Aspirin’s ability to prevent cardiovascular disease and colon cancer is a known attribute of the pain reliever, but researchers do not fully understand how it exerts such diverse benefits. Now, a study has identified a new mechanism of aspirin’s actions that might offer an explanation.
The study, “Systems Pharmacogenomics Finds RUNX1 Is an Aspirin-Responsive Transcription Factor Linked to Cardiovascular Disease and Colon Cancer“, published in EBioMedicine, reveals that aspirin affects the function of a regulatory protein, called RUNX1, which is involved in both the function of platelets and suppression of colon tumors.
“This research identifies a new way in which aspirin works that was not predicted based on the known pharmacology,” Deepak Voora, MD, assistant professor in Duke’s Center for Applied Genomics & Precision Medicine, said in a press release.
Aspirin is among the most commonly used medications to prevent cardiovascular disease and colon cancer. Aspirin’s pain-reducing and blood-thinning effects have been traced to its ability to suppress COX1 function, a protein that is involved in both inflammation and blood clotting.
“But COX-1 has only partially explained how aspirin works for cardiovascular health, and it has not been shown to be implicated in cancer at all,” Voora said.
Voora and colleagues already had identified an aspirin response signature, which consisted of a panel of genes whose expression was modified upon aspirin exposure and correlated with aspirin’s effects on platelets and heart attack. In this study, the researchers sought to identify a transcription factor (a protein that binds to DNA and regulates the expression of specific genes) whose function could be directly regulated by aspirin and, as a consequence, affect “aspiring response signature gene expression.”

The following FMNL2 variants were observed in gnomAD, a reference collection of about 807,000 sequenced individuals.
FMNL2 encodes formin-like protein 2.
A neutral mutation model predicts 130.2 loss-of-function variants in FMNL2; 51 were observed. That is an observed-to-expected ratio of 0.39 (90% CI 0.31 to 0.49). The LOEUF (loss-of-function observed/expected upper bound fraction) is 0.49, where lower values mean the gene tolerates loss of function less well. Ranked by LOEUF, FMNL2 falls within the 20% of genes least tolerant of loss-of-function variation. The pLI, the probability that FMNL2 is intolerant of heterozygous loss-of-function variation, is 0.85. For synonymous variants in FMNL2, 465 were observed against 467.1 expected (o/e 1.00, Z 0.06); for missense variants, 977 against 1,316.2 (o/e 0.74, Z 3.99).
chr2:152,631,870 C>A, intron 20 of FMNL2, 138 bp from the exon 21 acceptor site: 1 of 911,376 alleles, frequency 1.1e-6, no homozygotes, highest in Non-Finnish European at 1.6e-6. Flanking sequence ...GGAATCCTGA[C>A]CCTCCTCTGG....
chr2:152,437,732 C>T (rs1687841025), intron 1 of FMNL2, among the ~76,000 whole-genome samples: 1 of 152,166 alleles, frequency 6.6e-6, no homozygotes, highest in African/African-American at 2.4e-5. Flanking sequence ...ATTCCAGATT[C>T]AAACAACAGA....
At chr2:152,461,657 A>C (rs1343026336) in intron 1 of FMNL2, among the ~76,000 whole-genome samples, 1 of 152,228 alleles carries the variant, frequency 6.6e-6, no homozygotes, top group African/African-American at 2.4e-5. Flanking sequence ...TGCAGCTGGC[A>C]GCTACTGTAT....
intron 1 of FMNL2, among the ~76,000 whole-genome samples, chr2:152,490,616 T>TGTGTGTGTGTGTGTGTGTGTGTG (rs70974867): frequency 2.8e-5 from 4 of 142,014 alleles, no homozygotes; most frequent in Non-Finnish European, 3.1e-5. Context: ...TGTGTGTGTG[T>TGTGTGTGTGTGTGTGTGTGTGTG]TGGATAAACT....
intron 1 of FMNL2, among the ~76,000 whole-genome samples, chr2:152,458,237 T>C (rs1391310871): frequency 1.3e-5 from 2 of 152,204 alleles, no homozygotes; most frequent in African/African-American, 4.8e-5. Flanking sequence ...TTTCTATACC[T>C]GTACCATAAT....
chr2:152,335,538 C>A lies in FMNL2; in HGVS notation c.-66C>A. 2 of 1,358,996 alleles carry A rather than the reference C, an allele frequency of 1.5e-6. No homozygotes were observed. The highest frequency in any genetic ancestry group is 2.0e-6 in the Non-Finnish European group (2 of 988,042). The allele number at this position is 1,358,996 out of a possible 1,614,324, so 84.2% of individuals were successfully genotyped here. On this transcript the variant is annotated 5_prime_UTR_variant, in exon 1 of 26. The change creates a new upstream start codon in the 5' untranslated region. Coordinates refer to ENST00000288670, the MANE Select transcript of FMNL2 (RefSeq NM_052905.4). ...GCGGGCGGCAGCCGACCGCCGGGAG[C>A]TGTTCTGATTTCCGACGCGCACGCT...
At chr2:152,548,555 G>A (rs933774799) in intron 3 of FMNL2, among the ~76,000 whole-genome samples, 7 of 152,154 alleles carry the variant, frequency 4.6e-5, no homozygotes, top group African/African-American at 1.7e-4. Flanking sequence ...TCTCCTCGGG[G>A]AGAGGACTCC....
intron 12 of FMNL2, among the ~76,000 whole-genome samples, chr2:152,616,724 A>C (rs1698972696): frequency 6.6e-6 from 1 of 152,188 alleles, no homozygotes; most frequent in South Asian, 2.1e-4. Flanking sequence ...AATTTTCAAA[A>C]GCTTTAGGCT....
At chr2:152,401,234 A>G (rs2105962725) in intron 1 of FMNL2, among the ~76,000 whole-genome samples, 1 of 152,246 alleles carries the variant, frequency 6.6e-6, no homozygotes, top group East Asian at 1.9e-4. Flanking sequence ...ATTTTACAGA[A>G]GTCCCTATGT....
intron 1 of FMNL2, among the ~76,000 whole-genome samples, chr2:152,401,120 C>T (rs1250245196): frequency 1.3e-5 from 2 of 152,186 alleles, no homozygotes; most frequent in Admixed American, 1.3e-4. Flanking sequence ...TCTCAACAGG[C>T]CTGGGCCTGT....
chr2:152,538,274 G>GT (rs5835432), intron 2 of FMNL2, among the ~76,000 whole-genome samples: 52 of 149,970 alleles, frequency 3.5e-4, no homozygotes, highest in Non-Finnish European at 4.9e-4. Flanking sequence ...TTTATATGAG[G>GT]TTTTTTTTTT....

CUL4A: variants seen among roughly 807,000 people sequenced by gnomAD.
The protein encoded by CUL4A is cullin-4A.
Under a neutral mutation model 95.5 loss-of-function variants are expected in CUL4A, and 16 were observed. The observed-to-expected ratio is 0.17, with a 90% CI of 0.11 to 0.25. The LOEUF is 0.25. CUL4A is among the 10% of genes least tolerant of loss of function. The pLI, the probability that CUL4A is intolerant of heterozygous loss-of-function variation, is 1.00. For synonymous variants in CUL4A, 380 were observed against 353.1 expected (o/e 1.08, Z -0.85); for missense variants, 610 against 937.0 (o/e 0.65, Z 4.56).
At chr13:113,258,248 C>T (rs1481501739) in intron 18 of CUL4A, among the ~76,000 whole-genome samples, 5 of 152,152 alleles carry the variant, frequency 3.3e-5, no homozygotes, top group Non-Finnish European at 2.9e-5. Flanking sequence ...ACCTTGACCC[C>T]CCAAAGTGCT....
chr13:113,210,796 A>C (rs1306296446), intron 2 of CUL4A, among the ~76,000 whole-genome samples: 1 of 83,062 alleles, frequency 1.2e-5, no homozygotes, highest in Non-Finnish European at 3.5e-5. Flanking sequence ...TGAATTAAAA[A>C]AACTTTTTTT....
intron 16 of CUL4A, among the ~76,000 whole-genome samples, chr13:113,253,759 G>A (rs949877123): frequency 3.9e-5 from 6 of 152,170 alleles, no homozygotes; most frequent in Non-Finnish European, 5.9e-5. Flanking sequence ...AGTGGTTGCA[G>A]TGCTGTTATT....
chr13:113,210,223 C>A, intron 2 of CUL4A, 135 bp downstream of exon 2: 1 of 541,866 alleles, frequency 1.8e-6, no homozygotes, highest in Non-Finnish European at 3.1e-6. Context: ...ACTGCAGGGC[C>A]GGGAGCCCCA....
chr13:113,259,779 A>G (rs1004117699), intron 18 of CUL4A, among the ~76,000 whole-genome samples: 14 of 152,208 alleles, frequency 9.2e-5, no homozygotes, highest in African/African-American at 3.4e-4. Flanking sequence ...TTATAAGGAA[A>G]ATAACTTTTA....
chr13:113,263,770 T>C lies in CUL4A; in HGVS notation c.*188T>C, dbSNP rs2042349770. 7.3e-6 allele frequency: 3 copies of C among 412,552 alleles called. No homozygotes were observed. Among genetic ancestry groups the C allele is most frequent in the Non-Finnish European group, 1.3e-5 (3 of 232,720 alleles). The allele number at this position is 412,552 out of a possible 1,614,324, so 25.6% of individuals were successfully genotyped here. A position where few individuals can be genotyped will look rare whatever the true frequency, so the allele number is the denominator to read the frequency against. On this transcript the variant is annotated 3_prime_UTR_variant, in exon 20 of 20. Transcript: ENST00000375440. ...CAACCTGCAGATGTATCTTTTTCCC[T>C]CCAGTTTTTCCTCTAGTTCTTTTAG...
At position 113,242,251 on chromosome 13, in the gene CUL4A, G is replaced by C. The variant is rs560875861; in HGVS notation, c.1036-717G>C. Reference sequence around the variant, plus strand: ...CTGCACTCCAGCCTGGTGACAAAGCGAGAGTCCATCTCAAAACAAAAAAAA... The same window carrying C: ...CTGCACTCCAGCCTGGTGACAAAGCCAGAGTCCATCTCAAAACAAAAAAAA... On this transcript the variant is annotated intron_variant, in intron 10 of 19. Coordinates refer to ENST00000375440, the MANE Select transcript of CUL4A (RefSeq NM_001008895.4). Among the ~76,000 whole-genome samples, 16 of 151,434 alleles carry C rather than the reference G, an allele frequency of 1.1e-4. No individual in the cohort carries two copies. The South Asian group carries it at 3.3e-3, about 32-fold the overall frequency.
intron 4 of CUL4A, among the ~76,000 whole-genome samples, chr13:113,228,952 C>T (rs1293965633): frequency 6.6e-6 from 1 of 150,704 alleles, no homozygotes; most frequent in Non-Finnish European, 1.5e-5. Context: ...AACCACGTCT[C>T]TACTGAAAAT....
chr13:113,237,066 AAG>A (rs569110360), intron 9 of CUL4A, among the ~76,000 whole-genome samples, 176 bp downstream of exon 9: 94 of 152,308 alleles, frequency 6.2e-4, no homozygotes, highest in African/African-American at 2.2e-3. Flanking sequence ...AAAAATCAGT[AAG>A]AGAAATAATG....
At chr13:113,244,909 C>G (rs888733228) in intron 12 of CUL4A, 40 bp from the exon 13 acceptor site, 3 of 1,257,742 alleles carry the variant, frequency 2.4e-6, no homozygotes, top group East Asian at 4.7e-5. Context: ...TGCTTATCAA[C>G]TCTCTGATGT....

The researchers found that the RUNX1 protein was a possible candidate. This master regulator was able to regulate 60 percent of the genes included in the aspirin response signature, and was directly regulated by aspirin. Importantly, RUNX1 expression was linked with improved long-term clinical outcomes in patients with cardiovascular disease and colon cancer, suggesting this is how aspirin exerts its effects in preventing those diseases.
“This approach to comprehensively evaluate the actions of a drug using genomic data—as we have done here with aspirin—is a paradigm shift that could change how drugs are developed and positioned for clinical use,” said co-author Geoffrey Ginsburg, MD, director of the Center for Applied Genomics & Precision Medicine. “We intend to use this approach to explore the pleiotropic effects of drugs more broadly to anticipate their side effects and understand their full repertoire of actions clinically.”